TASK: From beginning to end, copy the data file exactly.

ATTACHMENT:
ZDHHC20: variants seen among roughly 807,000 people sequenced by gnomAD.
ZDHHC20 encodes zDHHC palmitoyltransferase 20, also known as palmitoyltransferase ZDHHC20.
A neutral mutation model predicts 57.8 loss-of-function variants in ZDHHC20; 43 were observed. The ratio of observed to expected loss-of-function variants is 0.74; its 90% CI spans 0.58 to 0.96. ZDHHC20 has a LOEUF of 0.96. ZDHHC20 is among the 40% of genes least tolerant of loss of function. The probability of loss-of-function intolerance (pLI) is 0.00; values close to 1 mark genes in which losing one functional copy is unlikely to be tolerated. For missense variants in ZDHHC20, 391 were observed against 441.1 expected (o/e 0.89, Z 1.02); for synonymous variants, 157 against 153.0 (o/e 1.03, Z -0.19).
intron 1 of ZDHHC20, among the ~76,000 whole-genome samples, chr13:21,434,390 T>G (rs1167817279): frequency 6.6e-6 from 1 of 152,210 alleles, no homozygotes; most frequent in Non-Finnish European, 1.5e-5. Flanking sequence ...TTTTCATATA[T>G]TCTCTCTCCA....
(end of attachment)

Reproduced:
ZDHHC20: variants seen among roughly 807,000 people sequenced by gnomAD.
ZDHHC20 encodes zDHHC palmitoyltransferase 20, also known as palmitoyltransferase ZDHHC20.
A neutral mutation model predicts 57.8 loss-of-function variants in ZDHHC20; 43 were observed. The ratio of observed to expected loss-of-function variants is 0.74; its 90% CI spans 0.58 to 0.96. ZDHHC20 has a LOEUF of 0.96. ZDHHC20 is among the 40% of genes least tolerant of loss of function. The probability of loss-of-function intolerance (pLI) is 0.00; values close to 1 mark genes in which losing one functional copy is unlikely to be tolerated. For missense variants in ZDHHC20, 391 were observed against 441.1 expected (o/e 0.89, Z 1.02); for synonymous variants, 157 against 153.0 (o/e 1.03, Z -0.19).
intron 1 of ZDHHC20, among the ~76,000 whole-genome samples, chr13:21,434,390 T>G (rs1167817279): frequency 6.6e-6 from 1 of 152,210 alleles, no homozygotes; most frequent in Non-Finnish European, 1.5e-5. Flanking sequence ...TTTTCATATA[T>G]TCTCTCTCCA....